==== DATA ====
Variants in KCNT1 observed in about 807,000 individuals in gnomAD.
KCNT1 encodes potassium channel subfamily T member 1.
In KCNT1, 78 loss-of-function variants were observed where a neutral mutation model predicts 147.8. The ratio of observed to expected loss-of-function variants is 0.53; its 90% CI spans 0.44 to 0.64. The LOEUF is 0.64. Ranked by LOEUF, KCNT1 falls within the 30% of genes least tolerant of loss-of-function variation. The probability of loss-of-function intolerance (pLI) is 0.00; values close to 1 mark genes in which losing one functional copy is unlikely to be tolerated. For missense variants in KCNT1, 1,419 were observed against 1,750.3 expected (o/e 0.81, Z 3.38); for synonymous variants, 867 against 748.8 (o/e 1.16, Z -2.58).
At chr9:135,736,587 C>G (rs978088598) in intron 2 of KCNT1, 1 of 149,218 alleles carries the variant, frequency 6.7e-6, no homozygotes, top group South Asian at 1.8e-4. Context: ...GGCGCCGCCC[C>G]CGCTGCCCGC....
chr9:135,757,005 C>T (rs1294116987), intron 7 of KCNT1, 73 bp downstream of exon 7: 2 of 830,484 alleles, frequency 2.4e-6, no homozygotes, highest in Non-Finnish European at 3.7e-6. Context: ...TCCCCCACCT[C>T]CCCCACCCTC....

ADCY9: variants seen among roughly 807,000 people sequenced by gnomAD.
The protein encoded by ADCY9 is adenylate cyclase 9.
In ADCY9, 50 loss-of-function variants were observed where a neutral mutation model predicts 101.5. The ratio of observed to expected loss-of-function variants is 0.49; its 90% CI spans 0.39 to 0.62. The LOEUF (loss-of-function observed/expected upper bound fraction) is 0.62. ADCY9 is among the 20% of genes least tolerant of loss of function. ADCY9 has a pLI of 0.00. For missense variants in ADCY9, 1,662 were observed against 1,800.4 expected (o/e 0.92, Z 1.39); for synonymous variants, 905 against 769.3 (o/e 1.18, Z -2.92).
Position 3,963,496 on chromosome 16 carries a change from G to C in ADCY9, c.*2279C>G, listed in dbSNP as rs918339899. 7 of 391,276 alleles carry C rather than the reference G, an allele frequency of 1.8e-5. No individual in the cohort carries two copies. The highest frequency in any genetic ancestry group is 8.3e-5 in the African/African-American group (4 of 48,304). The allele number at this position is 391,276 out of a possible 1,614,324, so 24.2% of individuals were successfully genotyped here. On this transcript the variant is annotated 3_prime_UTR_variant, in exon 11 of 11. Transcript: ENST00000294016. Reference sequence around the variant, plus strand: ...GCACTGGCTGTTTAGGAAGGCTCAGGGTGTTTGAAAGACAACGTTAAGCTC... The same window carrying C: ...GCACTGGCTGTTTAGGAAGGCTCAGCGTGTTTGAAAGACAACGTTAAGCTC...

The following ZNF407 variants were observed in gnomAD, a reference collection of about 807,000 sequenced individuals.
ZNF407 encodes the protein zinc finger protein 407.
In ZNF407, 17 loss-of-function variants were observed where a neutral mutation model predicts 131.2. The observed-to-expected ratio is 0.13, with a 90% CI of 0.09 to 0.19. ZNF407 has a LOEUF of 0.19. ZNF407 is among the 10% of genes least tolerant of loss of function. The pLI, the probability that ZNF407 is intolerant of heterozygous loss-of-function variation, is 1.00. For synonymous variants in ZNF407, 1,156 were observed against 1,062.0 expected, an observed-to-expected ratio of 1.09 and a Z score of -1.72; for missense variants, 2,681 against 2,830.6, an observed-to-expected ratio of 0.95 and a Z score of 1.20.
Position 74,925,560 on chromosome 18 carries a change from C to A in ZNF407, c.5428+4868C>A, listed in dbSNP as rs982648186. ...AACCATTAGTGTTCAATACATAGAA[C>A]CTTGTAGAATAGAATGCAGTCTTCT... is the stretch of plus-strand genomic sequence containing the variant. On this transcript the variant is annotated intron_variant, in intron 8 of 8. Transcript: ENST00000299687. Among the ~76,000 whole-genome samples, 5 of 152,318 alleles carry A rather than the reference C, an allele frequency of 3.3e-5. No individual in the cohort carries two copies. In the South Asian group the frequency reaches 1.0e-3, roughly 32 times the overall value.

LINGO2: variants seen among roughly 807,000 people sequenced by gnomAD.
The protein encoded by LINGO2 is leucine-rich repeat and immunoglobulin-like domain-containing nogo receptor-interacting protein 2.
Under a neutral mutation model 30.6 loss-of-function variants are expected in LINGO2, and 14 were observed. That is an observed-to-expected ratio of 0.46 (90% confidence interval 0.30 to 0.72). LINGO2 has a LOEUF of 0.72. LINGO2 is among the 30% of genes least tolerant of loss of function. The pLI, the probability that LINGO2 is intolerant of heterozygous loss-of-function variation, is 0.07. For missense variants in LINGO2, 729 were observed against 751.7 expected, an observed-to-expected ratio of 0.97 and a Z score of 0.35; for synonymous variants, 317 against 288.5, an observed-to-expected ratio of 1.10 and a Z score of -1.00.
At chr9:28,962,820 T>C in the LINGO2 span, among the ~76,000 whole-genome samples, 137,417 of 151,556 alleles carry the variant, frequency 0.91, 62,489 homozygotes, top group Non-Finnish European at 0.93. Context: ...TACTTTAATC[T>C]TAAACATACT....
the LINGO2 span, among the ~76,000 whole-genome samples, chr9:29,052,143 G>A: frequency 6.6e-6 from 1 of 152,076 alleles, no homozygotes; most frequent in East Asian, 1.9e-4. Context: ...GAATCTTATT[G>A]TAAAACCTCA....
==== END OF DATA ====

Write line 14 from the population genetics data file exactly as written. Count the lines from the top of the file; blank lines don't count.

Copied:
LINGO2: variants seen among roughly 807,000 people sequenced by gnomAD.